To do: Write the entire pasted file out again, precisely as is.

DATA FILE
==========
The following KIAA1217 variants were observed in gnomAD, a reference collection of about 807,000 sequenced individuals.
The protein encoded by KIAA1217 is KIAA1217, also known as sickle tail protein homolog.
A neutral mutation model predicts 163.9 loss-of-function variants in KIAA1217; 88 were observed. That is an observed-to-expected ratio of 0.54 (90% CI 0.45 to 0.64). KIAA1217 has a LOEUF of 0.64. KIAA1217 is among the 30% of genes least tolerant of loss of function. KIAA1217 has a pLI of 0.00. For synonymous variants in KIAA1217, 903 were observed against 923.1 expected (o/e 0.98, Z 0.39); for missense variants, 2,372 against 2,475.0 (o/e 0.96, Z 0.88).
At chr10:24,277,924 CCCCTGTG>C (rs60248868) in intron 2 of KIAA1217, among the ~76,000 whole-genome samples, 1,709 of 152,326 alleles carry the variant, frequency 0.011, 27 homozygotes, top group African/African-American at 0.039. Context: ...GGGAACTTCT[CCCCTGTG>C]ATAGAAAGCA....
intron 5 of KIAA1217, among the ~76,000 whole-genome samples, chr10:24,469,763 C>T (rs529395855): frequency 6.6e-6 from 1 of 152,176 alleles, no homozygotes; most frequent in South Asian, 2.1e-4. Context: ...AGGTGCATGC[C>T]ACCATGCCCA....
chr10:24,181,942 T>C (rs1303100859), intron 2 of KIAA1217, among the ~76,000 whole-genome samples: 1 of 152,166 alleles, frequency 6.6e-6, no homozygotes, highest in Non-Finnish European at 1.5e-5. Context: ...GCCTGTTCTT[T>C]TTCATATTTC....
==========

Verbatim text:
The following KIAA1217 variants were observed in gnomAD, a reference collection of about 807,000 sequenced individuals.
The protein encoded by KIAA1217 is KIAA1217, also known as sickle tail protein homolog.
A neutral mutation model predicts 163.9 loss-of-function variants in KIAA1217; 88 were observed. That is an observed-to-expected ratio of 0.54 (90% CI 0.45 to 0.64). KIAA1217 has a LOEUF of 0.64. KIAA1217 is among the 30% of genes least tolerant of loss of function. KIAA1217 has a pLI of 0.00. For synonymous variants in KIAA1217, 903 were observed against 923.1 expected (o/e 0.98, Z 0.39); for missense variants, 2,372 against 2,475.0 (o/e 0.96, Z 0.88).
At chr10:24,277,924 CCCCTGTG>C (rs60248868) in intron 2 of KIAA1217, among the ~76,000 whole-genome samples, 1,709 of 152,326 alleles carry the variant, frequency 0.011, 27 homozygotes, top group African/African-American at 0.039. Context: ...GGGAACTTCT[CCCCTGTG>C]ATAGAAAGCA....
intron 5 of KIAA1217, among the ~76,000 whole-genome samples, chr10:24,469,763 C>T (rs529395855): frequency 6.6e-6 from 1 of 152,176 alleles, no homozygotes; most frequent in South Asian, 2.1e-4. Context: ...AGGTGCATGC[C>T]ACCATGCCCA....
chr10:24,181,942 T>C (rs1303100859), intron 2 of KIAA1217, among the ~76,000 whole-genome samples: 1 of 152,166 alleles, frequency 6.6e-6, no homozygotes, highest in Non-Finnish European at 1.5e-5. Context: ...GCCTGTTCTT[T>C]TTCATATTTC....